Cabbie Logic is the Greatest
Saturday night, I went to Playing With Fire, the free Blues concert on the riverfront. I had never been to Lewis & Clark Landing before, and had only a vague idea of where it was. Namely, somewhere behind the Qwest Center. So I took the closest free parking spot I could find, and began walking. And walking. Eight blocks and two pints of sweat later, I could see the stage lights, which was good because I was sweating through my shirt.
Problem: the lights were a rather large embankment and what appeared to be a fence. I had two choices: follow the sidewalk, which wound down the hill in the opposite direction, eventually getting you there -- or run down the grass and make a shortcut. I did the only sensible thing and ran down the hill. Of course I did. And at the bottom of the hill, I jumped a rather tall fence.
Problem: on the other side of the first fence was a set of railroad tracks, and on the other side of that, a taller fence. My running for a shortcut had made my journey twice as long. Nice.
Eventually, I made it inside the park, and the heat, humidity and gratuitous amounts of beer quickly took their toll. Three 16 ounce Coors Lights in an hour of 90 degree heat were followed by a good portion of a pitcher of something unknown at the Dubliner. When 1 am came, I was in no shape to drive, so I hopped into a cab with three ladies and headed to midtown. Of course I did.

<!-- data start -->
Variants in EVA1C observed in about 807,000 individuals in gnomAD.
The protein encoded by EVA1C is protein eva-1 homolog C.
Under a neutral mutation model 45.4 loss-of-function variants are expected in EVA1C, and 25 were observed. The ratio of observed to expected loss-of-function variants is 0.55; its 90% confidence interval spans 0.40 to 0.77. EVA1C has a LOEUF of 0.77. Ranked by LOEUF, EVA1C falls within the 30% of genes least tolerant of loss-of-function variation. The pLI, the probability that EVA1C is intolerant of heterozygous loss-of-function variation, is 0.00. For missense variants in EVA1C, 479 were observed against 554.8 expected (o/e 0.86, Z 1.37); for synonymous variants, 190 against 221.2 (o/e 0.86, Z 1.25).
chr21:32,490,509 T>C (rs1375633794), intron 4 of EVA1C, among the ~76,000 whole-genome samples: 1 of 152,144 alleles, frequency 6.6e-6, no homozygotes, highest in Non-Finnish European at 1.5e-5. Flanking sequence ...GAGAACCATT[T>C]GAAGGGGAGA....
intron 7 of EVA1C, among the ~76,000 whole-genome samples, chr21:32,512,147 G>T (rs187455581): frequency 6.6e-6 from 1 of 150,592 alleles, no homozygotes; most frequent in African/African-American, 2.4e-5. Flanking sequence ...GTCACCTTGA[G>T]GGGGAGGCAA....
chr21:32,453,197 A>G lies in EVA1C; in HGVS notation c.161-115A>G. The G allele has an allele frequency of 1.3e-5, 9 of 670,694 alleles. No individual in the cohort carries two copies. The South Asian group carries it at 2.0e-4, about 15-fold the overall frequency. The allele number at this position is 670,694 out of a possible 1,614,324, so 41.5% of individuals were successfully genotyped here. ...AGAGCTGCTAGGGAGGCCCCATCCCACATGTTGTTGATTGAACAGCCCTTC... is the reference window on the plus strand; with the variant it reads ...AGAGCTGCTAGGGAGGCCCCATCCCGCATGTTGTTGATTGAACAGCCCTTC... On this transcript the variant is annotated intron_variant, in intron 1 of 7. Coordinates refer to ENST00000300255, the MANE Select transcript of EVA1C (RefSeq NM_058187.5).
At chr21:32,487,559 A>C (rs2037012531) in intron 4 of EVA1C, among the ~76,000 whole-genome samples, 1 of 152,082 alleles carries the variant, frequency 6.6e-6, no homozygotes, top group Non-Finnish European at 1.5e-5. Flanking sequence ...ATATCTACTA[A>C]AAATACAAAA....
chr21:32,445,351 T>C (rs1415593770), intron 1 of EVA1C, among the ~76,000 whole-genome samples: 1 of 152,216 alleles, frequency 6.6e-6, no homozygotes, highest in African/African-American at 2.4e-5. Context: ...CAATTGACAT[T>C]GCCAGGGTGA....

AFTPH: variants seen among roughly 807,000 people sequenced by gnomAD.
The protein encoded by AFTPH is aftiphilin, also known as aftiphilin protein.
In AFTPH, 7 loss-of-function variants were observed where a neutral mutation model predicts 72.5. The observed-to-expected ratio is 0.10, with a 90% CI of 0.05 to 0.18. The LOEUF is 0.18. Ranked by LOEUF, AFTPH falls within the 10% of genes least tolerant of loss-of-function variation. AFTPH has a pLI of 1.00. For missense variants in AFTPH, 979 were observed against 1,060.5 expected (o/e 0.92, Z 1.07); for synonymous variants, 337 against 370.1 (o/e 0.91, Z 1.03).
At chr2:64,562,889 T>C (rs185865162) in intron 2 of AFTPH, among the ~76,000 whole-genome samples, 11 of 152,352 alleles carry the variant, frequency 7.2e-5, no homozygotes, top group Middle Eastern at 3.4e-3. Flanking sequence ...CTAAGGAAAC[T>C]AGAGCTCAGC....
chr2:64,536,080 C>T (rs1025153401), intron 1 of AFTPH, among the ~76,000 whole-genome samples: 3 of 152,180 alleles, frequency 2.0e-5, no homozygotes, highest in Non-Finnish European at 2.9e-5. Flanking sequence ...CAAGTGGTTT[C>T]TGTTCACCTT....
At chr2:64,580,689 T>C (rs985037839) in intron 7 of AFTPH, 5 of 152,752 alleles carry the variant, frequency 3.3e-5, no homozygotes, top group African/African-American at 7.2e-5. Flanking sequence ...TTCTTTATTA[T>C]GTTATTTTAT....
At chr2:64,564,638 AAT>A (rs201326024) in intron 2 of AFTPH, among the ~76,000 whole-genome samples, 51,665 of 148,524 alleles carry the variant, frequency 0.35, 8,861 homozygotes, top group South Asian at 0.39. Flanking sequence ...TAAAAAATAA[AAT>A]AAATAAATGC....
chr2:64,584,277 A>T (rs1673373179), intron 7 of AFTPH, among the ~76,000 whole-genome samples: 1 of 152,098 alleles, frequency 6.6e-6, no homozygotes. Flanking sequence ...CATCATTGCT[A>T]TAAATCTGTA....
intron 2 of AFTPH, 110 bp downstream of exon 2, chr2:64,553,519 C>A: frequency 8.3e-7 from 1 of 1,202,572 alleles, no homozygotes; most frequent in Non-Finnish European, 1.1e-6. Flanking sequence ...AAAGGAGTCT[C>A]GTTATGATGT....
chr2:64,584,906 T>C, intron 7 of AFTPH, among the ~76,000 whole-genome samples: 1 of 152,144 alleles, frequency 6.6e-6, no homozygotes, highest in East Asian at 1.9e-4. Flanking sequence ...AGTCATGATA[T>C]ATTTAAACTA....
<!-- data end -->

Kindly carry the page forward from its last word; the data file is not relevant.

One of the ladies had a cabbie's personal cell phone programmed into her phone, so we were able to bypass the switchboard and get a direct line to his car -- cutting our likely one hour wait down to under 10 minutes. Talk about service!
Inside the cab, our driver asked us if we could believe that Starbucks was closing five Omaha stores. I replied that no, I could not believe this. Wasn't there a Starbucks on every corner anyway? Who would miss five stores?
Turns out there are 11, so five is almost half. This is a problem for our Cabbie, who needs the Starbucks to get through his shift. I told him that the economy sucks right now, and people must not be buying as many five dollar caffe lattes. He disagreed.
Cabbie: "Starbucks is a giant company, you can't tell me they're losing money. Its impossible for a company that big to lose money."
Cabbie: "Years ago I worked for [company name redacted] and the exact same thing happened. None of us could figure out how we were losing money. Turns out one of the financial officers was stealing money. That's what will come out of this Starbucks thing in a few years, you watch: they'll announce somebody was stealing money."
Cabbie: "He'll go to prison for 36 months, and when he gets out he'll still have the money. That's how it always happens. Every time. Mark my words!"
Me: "I suppose its possible."
Cabbie: "No, its fact. I promise you it is."
Ah, Cabbie Logic is the greatest. You bet.
You know what else is great? Home Team Pizza. You know what isn't so great? Obnoxious psychology students. You know what really sucks? Obnoxious psychology students with a sense of entitlement and a heinously groomed beard. Socrates you are not. Shut up, Dee-Bag. You bet.